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Cochrane Database Syst Rev. 2002;(2):CD002796.

"Scared Straight" and other juvenile awareness programs for preventing juvenile delinquency.

Author information

1
Initiatives for Children Program (IFC), American Academy of Arts & Sciences, Center for Evaluation, 136 Irving Street, Cambridge, MA 02138, USA. apetrosino@amacad.org

Abstract

BACKGROUND:

'Scared Straight' and other programmes involve organised visits to prison by juvenile delinquents or children at risk for criminal behavior. programmes are designed to deter participants from future offending through first-hand observation of prison life and interaction with adult inmates. These programmes remain in use world-wide despite studies and reviews questioning their effectiveness.

OBJECTIVES:

To assess the effects of programmes comprising organised visits to prisons by juvenile delinquents (officially adjudicated or convicted by a juvenile court) or pre-delinquents (children in trouble but not officially adjudicated as delinquents), aimed at deterring them from criminal activity.

SEARCH STRATEGY:

Handsearching by the first author in identifying randomised field trials 1945-1993 relevant to criminology was augmented by structured searches of 16 electronic data bases, including the Campbell SPECTR database of trials and the Cochrane CCTR. Experts in the field were consulted and relevant citations were followed up.

SELECTION CRITERIA:

Studies that tested the effects of any program involving the organised visits of juvenile delinquents or children at-risk for delinquency to penal institutions were included. Studies that included overlapping samples of juvenile and young adults (e.g. ages 14-20) were included. We only considered studies that randomly or quasi-randomly (i.e. alternation) assigned participants to conditions. Each study had to have a no-treatment control condition with at least one outcome measure of "post-visit" criminal behavior.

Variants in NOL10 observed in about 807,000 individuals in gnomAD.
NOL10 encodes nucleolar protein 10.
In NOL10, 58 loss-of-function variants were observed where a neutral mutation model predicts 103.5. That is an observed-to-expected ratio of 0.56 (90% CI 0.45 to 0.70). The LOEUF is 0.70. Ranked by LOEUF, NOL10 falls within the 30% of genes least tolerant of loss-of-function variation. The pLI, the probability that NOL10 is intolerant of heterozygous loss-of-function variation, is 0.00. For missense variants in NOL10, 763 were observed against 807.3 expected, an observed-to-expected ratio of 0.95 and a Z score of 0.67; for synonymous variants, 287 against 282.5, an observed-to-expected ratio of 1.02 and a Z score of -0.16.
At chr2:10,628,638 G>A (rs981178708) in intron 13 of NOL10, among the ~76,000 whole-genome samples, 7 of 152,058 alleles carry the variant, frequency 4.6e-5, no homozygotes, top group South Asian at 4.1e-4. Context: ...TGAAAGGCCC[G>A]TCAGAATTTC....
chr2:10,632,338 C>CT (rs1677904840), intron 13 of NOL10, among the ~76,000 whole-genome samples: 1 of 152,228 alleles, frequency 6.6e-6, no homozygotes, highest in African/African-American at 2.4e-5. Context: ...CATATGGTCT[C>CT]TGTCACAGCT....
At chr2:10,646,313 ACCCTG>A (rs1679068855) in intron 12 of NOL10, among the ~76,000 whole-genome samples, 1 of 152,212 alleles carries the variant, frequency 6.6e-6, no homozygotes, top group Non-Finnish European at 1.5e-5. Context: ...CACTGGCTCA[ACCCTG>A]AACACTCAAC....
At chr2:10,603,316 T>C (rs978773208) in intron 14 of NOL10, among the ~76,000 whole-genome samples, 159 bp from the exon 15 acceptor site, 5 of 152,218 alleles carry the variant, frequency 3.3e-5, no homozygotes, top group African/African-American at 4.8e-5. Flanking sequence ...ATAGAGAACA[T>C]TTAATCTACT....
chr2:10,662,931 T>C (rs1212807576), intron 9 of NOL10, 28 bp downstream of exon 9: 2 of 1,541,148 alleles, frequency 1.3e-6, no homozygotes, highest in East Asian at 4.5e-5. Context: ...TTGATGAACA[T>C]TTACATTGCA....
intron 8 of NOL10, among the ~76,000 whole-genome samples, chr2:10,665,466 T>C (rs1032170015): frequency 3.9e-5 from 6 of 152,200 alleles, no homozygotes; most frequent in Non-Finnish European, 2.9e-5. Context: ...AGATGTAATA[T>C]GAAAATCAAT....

DATA COLLECTION AND ANALYSIS:

We report narratively on the nine eligible trials. We conducted one meta-analysis of post-intervention offending rates using official data. Information from other sources (e.g. self-report) was either missing from some studies or critical information was omitted (e.g. standard deviations). We examined the immediate post-treatment effects (i.e. "first-effects") by computing Odds Ratios (OR) for data on proportions of each group re-offending, and assumed both fixed and random effects models in our analyses.

MAIN RESULTS:

The analysis show the intervention to be more harmful than doing nothing. The program effect, whether assuming a fixed or random effects model, was nearly identical and negative in direction, regardless of the meta-analytic strategy.

REVIEWER'S CONCLUSIONS:

We conclude that programmes like 'Scared Straight' are likely to have a harmful effect and increase delinquency relative to doing nothing at all to the same youths. Given these results, agencies that permit such programmes must rigorously evaluate them not only to ensure that they are doing what they purport to do (prevent crime) - but at the very least they do not cause more harm than good.

PMID:
12076450
DOI:
10.1002/14651858.CD002796
[Indexed for MEDLINE]
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